Join Silver Eye Center for Photography in celebrating the culture and history of Panama. A few times a year the gallery selects experimental films based around a certain theme. Channel Silver Eye Spotlight on Panama is curated by Paula Kupfer, who was born in Panama and focuses her work on modern art and photography from Latin America. Popcorn and beer will be served during the screening, and a question and answer session will be held afterwards. 7 p.m. 4808 Penn Ave., Bloomfield. Free, pay what you like.


Feb. 22:

Not actually being able to go to the Oscars is made slightly better with the Pittsburgh Symphony Orchestra’s A Night at the Oscars: Hollywood Epics. Jack Everly is a returning conductor back at Heinz Hall leading music from some of our favorite award winning films. The show opens tonight and runs through sunday Feb. 24. 8 p.m. 600 Penn Ave., Downtown. Starting at $22.


Feb. 23:

Getting a head start on your spring garden has never been easier. The Celebration of Seed: Seventh Annual Seed and Plant Swap features tips from experienced gardeners, a seed exchange, and free seeds and plants for all to take home and enjoy. Phipps Conservatory and Botanical Gardens and Grow Pittsburgh are working together to host the event at Carnegie Library of Pittsburgh. Maybe today will be the first day of Spring! 11:30 a.m. 4400 Forbes Ave., Oakland. Free.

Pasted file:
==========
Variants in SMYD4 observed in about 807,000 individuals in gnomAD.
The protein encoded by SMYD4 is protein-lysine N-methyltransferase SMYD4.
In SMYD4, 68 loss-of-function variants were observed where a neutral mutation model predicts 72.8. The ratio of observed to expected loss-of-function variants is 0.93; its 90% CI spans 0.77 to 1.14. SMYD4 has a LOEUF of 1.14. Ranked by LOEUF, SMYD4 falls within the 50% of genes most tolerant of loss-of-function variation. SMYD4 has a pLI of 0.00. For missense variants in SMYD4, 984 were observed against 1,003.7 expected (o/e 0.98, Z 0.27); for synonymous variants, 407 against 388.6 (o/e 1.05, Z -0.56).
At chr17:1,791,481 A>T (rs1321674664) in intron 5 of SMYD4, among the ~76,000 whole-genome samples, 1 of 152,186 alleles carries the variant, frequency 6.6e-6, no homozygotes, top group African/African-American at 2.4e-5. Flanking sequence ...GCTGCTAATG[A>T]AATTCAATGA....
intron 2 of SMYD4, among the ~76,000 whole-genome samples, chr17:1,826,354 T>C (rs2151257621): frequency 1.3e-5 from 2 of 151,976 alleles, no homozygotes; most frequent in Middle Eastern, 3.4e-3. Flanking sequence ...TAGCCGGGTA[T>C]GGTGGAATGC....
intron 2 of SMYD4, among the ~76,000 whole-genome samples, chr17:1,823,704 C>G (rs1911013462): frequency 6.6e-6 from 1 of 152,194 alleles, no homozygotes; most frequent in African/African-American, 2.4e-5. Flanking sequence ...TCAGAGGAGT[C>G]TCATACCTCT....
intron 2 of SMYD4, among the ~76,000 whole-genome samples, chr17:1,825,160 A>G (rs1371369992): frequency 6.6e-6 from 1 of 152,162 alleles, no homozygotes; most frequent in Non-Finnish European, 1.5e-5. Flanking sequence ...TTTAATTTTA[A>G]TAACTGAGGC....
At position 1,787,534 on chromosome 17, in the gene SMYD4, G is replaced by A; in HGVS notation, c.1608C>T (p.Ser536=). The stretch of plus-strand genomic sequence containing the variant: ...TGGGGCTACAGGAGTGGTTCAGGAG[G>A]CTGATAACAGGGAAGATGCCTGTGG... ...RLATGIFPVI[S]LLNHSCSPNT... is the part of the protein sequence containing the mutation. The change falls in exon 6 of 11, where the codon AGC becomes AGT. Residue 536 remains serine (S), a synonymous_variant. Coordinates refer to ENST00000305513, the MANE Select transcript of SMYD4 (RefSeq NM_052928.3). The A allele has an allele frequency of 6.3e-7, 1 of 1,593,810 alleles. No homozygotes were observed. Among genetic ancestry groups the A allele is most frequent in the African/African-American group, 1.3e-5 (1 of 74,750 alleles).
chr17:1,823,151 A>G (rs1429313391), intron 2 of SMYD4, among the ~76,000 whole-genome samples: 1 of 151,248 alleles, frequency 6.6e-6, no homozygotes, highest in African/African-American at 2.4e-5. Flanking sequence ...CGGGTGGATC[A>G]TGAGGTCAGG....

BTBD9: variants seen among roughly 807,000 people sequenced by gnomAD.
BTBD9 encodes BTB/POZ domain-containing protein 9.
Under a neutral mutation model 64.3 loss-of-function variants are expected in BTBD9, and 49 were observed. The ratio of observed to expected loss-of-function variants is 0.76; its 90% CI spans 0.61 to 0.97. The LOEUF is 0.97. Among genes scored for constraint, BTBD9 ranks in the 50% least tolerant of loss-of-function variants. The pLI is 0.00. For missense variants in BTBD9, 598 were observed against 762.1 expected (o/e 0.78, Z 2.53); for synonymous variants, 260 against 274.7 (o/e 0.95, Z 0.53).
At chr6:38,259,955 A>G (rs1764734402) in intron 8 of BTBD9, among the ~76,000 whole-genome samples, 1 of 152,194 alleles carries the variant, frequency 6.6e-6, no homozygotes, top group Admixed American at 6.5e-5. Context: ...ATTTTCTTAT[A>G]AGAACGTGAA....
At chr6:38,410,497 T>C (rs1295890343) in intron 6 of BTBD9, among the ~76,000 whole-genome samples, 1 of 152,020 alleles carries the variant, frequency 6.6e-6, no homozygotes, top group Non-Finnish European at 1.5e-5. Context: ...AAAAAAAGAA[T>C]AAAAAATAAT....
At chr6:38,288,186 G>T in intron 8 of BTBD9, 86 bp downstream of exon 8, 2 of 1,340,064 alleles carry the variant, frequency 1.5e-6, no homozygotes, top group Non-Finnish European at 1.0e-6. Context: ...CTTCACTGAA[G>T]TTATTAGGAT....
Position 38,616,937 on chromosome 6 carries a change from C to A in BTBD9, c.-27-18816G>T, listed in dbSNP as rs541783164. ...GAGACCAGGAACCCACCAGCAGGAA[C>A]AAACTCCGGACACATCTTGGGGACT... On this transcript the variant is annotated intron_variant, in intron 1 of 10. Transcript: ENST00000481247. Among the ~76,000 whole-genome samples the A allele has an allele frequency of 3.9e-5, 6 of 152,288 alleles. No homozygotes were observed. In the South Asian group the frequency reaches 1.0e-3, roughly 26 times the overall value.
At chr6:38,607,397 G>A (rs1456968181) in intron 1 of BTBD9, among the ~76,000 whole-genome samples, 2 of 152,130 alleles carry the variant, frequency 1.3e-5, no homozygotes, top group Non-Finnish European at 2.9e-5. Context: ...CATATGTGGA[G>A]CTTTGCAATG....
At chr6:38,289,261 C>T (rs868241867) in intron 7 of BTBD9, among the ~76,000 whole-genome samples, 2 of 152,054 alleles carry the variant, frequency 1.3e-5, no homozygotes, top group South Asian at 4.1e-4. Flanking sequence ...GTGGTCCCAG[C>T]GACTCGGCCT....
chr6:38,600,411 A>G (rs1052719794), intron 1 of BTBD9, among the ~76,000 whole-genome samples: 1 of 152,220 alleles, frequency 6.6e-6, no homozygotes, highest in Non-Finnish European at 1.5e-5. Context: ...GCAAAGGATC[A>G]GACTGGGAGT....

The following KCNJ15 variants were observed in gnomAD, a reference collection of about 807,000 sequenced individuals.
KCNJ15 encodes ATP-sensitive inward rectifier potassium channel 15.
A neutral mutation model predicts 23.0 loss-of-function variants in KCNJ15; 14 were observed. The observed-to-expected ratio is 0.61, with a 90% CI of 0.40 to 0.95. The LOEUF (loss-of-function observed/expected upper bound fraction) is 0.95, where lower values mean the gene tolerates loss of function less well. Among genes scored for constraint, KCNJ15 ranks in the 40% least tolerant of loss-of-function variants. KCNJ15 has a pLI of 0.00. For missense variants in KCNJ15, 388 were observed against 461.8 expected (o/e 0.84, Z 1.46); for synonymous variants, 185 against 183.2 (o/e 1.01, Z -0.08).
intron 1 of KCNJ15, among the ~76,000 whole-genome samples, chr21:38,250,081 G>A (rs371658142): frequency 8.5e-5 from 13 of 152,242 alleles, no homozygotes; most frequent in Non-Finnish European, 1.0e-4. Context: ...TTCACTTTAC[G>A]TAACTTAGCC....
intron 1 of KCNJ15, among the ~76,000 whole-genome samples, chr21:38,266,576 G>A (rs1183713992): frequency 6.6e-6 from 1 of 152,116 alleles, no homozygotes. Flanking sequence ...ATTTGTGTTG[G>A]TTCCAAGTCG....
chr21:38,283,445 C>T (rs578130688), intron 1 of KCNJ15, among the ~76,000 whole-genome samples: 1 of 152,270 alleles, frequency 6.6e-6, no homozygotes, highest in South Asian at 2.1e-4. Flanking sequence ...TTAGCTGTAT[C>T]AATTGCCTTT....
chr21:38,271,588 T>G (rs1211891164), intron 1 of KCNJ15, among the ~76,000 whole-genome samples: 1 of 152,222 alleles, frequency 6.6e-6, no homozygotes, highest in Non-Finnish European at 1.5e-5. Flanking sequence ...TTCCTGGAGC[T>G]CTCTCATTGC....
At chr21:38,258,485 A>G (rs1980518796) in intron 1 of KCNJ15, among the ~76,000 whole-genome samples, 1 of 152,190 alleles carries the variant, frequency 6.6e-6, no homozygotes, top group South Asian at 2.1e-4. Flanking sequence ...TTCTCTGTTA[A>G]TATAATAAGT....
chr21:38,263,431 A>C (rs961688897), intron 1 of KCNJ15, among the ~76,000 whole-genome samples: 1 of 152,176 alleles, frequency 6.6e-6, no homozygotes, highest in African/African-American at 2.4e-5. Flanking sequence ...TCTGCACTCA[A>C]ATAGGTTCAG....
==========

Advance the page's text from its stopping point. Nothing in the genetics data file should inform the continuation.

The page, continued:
Feb. 24:

Whether you’re skilled at sewing and quilting or are new to the crafting scene, you are welcome at the Sewing, Quilting and Fiber Arts Drop-In at The Westmoreland Museum of Art. Bring a project or just bring your curious self. Light refreshments are provided, along with entertainment by the Hempfield Area High School Jazz Band. 1 p.m. 221 N Main St., Sharpsburg. Free.  


Feb. 25:

Jonathan Wilson is a triple threat: songwriter, guitarist and producer. On tour supporting his fourth album entitled Rare Birds, his Pittsburgh stop will take place at The Andy Warhol Museum. The museum’s intimate theater is sure to make this an unforgettable musical experience that you won’t get anywhere else. Students and museum members can buy tickets for $15. 8 p.m. 117 Sandusky St., North Shore. $18. 412-237-8300 or